Marc Short, chief of staff to Vice President Mike Pence, told CNN's "State of the Union" Sunday that President Trump would move forward with a nomination to replace the late Supreme Court Justice Ruth Bader Ginsburg, despite her dying wish that she "not be replaced until a new president is installed."

What he's saying: "You know, Jake, I think that today we as a nation mourn the loss of Justice Ginsburg. She's certainly a giant upon whose shoulders many will stand and she blazed a trail for many women in the legal profession. But the decision of when to nominate does not lie with her," Short said.

The big picture: Trump is expected to move quickly on a nomination and has said it "will be a woman." Judge Amy Coney Barrett, a conservative on the Seventh Circuit Court of Appeals in Chicago, is said to be a front-runner.

  • Asked whether Trump expects a confirmation before the election, Short said, "I think that, as you know, Justice Ginsburg was confirmed within 43 days of her nomination. Today we sit here 44 days out from election. So it's certainly possible."
  • "But I think that the president's obligation is to make the nomination. We'll leave the timetable to Leader McConnell," he added.

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Murkowski says she'll vote to confirm Amy Coney Barrett to Supreme Court

Sen. Lisa Murkowski. Photo: Alex Edelman/AFP via Getty Images

Sen. Lisa Murkowski (R-Alaska) said Saturday that she'll vote to confirm Judge Amy Coney Barrett to the Supreme Court on Monday, despite her opposition to the process that's recently transpired.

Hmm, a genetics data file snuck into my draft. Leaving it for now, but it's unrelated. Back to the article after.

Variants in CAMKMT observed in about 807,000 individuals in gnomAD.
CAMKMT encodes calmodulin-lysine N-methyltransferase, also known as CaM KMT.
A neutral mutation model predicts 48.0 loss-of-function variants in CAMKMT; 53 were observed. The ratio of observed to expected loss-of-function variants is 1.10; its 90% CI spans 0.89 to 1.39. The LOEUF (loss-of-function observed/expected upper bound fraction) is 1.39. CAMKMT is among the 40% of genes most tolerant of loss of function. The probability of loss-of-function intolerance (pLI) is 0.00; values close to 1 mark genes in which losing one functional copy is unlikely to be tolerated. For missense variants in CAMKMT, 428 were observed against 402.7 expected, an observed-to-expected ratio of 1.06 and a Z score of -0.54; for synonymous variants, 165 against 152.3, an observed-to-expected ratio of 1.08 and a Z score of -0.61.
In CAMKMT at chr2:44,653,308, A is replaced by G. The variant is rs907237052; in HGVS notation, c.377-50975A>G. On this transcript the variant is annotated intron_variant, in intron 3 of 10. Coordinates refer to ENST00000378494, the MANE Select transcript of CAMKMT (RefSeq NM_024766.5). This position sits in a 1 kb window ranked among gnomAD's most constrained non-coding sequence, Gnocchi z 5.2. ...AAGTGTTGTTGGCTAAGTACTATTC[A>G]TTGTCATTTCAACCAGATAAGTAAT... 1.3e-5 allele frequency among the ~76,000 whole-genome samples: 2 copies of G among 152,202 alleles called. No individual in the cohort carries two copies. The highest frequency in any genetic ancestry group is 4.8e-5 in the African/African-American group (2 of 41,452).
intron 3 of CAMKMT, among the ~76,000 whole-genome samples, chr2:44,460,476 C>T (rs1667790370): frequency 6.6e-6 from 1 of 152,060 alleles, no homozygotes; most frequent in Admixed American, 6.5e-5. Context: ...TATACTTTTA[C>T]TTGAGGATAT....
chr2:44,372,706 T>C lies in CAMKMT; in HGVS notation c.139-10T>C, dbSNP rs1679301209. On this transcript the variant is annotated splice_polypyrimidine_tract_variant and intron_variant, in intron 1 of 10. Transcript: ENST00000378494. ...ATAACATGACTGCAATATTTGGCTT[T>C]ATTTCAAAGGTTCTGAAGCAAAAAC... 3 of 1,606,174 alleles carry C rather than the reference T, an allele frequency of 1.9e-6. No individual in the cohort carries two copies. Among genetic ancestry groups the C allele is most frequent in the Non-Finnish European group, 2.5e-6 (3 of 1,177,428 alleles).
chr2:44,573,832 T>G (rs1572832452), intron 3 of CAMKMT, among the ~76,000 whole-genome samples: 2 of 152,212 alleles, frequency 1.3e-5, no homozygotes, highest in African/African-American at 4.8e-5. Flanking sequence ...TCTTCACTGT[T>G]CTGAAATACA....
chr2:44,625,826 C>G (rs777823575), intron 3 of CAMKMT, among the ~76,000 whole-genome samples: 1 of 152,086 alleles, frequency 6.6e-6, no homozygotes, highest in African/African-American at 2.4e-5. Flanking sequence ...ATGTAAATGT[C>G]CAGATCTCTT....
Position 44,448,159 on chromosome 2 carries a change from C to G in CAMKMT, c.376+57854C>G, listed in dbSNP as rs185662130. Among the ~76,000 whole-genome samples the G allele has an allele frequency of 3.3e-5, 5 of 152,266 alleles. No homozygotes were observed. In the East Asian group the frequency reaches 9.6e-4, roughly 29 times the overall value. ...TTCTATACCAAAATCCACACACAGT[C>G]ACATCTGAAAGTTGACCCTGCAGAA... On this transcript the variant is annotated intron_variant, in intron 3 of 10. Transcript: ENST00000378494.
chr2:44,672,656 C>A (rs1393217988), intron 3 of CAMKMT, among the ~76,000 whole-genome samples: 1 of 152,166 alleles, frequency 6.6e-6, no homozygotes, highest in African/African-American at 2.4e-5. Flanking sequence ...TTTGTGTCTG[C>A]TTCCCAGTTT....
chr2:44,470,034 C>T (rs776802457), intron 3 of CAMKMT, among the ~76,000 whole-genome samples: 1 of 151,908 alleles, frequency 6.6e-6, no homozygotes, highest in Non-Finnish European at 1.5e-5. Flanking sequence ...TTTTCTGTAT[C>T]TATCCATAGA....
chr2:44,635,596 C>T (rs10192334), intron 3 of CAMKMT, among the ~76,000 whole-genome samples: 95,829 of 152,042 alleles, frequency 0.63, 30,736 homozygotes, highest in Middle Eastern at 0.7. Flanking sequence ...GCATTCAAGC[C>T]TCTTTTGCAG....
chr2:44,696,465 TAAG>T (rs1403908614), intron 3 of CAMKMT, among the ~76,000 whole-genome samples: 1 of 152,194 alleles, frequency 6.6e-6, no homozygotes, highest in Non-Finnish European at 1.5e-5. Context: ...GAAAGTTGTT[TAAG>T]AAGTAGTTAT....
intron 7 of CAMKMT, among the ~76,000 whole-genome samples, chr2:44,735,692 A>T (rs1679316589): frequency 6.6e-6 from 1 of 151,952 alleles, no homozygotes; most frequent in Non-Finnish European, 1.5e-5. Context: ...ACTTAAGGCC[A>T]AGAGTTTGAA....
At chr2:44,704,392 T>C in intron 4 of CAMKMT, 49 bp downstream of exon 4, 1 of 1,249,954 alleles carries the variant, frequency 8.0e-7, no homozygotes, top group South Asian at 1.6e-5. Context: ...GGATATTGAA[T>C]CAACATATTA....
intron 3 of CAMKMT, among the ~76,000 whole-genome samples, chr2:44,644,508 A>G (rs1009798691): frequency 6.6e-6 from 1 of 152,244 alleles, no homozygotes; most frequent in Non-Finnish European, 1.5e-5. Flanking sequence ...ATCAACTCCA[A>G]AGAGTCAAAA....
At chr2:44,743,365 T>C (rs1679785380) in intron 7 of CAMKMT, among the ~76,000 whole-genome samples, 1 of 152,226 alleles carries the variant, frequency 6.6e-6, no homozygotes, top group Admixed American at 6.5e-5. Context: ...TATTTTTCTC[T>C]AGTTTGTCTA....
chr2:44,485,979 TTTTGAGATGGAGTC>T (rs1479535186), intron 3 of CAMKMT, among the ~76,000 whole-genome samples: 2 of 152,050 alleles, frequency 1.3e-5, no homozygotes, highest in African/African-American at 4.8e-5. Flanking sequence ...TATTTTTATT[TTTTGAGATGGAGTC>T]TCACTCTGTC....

The big picture: Murkowski's decision leaves Sen. Susan Collins (R-Maine) as the only Republican expected to vote against Barrett.

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Why it matters: If the president can get infected, anyone can. And the scramble to figure out the scope of this outbreak is a high-profile, high-stakes microcosm of America's larger failures to contain the virus and to stand up a contact-tracing system that can respond to new cases before they have a chance to become outbreaks.

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Texas Supreme Court stays order blocking limits on ballot drop-off sites

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The Texas Supreme Court on Saturday temporarily stayed an order by the lower court that blocked Gov. Greg Abbott's limits on drop-off locations for mail-in ballots.

Why it matters: The move means voters will continue to be restricted to a single drop-off location per county for now. The state's Supreme Court gave both sides until Monday at 5 p.m. CDT to file responses as it considers whether to take up the issue. By then, there will be just over one week until the election.